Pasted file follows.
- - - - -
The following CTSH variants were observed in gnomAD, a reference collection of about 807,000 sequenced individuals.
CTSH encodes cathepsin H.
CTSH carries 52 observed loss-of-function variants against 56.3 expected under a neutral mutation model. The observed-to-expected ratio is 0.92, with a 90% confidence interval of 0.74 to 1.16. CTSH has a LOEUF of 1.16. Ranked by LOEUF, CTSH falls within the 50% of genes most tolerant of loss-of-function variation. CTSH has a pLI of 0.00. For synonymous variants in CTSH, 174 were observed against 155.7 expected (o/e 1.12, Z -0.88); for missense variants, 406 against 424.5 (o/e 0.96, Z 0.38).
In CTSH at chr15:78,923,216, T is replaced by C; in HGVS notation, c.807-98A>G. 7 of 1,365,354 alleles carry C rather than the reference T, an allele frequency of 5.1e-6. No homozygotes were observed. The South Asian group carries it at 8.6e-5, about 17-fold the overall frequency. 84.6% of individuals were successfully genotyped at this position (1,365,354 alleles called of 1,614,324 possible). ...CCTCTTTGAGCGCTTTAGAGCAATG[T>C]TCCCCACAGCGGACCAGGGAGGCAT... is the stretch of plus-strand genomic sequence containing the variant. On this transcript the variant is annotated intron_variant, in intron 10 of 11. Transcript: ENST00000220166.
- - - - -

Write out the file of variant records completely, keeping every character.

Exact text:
The following CTSH variants were observed in gnomAD, a reference collection of about 807,000 sequenced individuals.
CTSH encodes cathepsin H.
CTSH carries 52 observed loss-of-function variants against 56.3 expected under a neutral mutation model. The observed-to-expected ratio is 0.92, with a 90% confidence interval of 0.74 to 1.16. CTSH has a LOEUF of 1.16. Ranked by LOEUF, CTSH falls within the 50% of genes most tolerant of loss-of-function variation. CTSH has a pLI of 0.00. For synonymous variants in CTSH, 174 were observed against 155.7 expected (o/e 1.12, Z -0.88); for missense variants, 406 against 424.5 (o/e 0.96, Z 0.38).
In CTSH at chr15:78,923,216, T is replaced by C; in HGVS notation, c.807-98A>G. 7 of 1,365,354 alleles carry C rather than the reference T, an allele frequency of 5.1e-6. No homozygotes were observed. The South Asian group carries it at 8.6e-5, about 17-fold the overall frequency. 84.6% of individuals were successfully genotyped at this position (1,365,354 alleles called of 1,614,324 possible). ...CCTCTTTGAGCGCTTTAGAGCAATG[T>C]TCCCCACAGCGGACCAGGGAGGCAT... is the stretch of plus-strand genomic sequence containing the variant. On this transcript the variant is annotated intron_variant, in intron 10 of 11. Transcript: ENST00000220166.